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Engelmann spruce seed production is influenced by climate

Date: August 26, 2019

Seed production may be moderately enhanced by current climate trends, but some evidence indicates that seed production will be constrained by threshold high temperatures in the future


picture of a seed trap used to capture englemann spruce seeds for monitoring seed production.
Seeds are captured in this seed trap and collected annually to monitor seed production in this long-term research study. Photo Credit: Mike Battaglia. Taken July 2019
Tree regeneration is an important process to helps perpetuate a forest. Understanding the frequency of seed production as well as the climatic conditions that promote seed production are important to the management of forests and natural regeneration.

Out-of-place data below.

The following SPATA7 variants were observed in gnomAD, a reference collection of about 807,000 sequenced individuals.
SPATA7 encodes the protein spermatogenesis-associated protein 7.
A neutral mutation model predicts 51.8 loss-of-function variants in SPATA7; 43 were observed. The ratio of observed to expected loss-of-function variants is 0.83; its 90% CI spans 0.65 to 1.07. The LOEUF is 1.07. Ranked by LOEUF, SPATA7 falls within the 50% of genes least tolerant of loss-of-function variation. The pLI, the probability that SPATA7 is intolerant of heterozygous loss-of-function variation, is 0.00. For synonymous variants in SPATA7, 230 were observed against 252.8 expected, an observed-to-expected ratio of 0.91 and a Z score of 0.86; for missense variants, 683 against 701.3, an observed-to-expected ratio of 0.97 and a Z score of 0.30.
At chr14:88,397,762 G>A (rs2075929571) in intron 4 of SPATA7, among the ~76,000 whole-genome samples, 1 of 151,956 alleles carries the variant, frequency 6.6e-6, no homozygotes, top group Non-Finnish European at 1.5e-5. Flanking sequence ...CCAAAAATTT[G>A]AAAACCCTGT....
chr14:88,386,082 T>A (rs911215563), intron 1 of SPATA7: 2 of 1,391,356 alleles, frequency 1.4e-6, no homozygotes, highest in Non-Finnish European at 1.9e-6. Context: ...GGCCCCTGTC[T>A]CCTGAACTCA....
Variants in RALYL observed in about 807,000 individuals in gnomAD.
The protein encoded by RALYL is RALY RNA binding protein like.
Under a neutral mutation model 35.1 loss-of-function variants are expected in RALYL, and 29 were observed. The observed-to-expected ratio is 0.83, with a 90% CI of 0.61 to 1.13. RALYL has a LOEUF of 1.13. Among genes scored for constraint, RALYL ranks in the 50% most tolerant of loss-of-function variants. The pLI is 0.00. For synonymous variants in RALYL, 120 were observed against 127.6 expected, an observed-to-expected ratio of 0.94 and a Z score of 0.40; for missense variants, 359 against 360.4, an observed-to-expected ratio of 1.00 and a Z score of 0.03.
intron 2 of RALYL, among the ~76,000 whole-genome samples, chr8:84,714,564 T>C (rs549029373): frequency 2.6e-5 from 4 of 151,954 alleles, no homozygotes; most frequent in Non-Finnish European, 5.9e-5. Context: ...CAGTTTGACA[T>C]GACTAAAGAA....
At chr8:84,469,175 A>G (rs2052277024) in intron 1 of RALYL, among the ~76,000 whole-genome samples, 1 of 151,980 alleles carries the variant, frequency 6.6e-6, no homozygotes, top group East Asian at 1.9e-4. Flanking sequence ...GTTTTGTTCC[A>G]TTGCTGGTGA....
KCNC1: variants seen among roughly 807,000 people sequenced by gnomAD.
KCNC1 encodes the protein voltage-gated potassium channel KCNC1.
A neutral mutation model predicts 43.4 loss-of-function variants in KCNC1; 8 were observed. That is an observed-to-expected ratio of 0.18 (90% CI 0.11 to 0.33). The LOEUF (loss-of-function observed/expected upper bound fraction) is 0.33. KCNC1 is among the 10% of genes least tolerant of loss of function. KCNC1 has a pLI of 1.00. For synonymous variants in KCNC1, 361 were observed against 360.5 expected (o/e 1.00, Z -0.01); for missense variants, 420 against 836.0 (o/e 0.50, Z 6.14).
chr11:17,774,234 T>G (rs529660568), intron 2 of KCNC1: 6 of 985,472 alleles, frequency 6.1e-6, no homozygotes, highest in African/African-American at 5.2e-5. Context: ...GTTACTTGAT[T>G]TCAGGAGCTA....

Thirteen permanent research plots were established along an elevational gradient on a range of aspects, slopes, and site productivities on the Fraser Experimental Forest in central Colorado. Trees greater than 10 cm diameter at breast height has been measured periodically over the last 50 years. Seed traps were installed at the beginning of the study in 1968 and have been collected annually since then. In 2011, tree cores were sampled to examine the relationship between climate and seed production.

  • Engelmann spruce seed production is highly variable over time.
  • Climatic conditions across multiple years influence seed production.
  • High seed rain is associated with elevated summer temperatures in the year that seeds are dispersed, low spring snowfall in the year preceding seed dispersal when buds are initiated, and reduced spring snowfall in a so-called priming year two years prior to seed dispersal.
  • Seed production may be moderately enhanced by current climate trends, but some evidence indicates that seed production will be constrained by threshold high temperatures in the future.

Featured Publications

Buechling, Arne ; Martin, Patrick H. ; Canham, Charles D. ; Shepperd, Wayne D. ; Battaglia, Mike A. , 2016


Principal Investigators: 
Principal Investigators - External: 
Arne Buechling - Colorado State Univeristy
Patrick Martin - Colorado State Univeristy
Research Location: 
Fraser Experimental Forest, Colorado